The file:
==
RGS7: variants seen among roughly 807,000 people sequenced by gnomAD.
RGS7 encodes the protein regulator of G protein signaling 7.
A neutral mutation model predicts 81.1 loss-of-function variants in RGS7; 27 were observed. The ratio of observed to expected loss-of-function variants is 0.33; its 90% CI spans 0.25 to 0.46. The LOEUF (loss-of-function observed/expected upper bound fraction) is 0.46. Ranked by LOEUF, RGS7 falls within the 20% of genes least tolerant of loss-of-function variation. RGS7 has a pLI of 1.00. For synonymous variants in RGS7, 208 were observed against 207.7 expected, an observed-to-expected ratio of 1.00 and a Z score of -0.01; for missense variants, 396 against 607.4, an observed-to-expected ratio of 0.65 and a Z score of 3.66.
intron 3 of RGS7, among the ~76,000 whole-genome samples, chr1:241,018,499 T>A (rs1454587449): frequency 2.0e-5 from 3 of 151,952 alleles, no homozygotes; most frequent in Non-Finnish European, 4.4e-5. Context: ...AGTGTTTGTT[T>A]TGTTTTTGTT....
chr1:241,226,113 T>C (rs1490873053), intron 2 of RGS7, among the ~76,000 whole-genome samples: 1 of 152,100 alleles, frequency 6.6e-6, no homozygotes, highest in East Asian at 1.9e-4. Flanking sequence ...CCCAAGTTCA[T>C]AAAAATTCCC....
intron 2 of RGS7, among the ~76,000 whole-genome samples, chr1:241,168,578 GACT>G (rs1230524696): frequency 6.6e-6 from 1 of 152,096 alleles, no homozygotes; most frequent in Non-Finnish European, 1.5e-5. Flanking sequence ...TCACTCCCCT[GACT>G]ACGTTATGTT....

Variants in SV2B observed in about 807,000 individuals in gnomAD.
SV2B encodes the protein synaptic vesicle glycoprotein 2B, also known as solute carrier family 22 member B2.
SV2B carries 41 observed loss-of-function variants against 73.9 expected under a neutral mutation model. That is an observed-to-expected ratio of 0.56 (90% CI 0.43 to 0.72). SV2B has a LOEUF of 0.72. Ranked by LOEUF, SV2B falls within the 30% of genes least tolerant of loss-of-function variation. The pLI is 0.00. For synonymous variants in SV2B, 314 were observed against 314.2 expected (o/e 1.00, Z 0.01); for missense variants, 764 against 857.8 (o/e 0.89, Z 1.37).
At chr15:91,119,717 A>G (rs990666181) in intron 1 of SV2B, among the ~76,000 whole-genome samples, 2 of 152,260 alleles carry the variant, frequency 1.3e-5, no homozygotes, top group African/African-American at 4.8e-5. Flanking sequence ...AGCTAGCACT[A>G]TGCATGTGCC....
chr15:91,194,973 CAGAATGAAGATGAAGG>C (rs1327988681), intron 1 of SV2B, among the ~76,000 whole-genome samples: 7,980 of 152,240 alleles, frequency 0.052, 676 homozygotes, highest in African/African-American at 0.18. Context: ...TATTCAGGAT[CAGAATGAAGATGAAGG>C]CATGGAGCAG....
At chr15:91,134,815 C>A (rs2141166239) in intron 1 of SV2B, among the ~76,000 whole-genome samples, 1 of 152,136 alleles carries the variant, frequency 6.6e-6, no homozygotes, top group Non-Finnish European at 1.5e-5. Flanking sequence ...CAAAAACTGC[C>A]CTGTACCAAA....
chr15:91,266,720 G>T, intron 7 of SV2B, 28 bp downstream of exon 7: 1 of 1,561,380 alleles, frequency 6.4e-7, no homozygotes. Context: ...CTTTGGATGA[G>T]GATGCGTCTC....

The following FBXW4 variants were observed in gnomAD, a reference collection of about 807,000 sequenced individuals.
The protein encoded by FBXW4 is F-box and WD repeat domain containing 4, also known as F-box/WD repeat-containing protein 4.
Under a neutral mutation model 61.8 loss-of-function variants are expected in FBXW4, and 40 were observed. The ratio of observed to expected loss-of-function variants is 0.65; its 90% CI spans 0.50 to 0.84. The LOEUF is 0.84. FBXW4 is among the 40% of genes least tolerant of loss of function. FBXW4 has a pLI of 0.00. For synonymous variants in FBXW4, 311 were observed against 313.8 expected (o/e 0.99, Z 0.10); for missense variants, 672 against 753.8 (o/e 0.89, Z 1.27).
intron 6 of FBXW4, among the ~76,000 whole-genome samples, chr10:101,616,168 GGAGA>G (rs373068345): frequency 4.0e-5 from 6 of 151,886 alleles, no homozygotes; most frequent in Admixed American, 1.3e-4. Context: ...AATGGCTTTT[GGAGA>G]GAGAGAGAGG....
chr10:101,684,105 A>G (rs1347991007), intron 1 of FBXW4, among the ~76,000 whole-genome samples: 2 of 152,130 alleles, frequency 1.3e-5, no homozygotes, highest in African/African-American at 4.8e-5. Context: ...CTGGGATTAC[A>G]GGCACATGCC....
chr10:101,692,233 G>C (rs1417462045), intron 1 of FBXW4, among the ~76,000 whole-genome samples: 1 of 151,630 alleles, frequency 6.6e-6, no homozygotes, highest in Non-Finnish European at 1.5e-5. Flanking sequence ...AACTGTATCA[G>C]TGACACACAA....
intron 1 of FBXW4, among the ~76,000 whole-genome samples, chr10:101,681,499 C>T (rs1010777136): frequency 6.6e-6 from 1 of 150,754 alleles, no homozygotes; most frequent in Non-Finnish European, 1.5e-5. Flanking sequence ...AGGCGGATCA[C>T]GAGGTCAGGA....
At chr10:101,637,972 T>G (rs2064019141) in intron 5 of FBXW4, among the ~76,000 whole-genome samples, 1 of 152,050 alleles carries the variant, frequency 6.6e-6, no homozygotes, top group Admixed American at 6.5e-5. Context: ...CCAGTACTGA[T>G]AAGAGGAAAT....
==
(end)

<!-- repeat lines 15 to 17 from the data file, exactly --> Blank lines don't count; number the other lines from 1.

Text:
The protein encoded by FBXW4 is F-box and WD repeat domain containing 4, also known as F-box/WD repeat-containing protein 4.
Under a neutral mutation model 61.8 loss-of-function variants are expected in FBXW4, and 40 were observed. The ratio of observed to expected loss-of-function variants is 0.65; its 90% CI spans 0.50 to 0.84. The LOEUF is 0.84. FBXW4 is among the 40% of genes least tolerant of loss of function. FBXW4 has a pLI of 0.00. For synonymous variants in FBXW4, 311 were observed against 313.8 expected (o/e 0.99, Z 0.10); for missense variants, 672 against 753.8 (o/e 0.89, Z 1.27).
intron 6 of FBXW4, among the ~76,000 whole-genome samples, chr10:101,616,168 GGAGA>G (rs373068345): frequency 4.0e-5 from 6 of 151,886 alleles, no homozygotes; most frequent in Admixed American, 1.3e-4. Context: ...AATGGCTTTT[GGAGA>G]GAGAGAGAGG....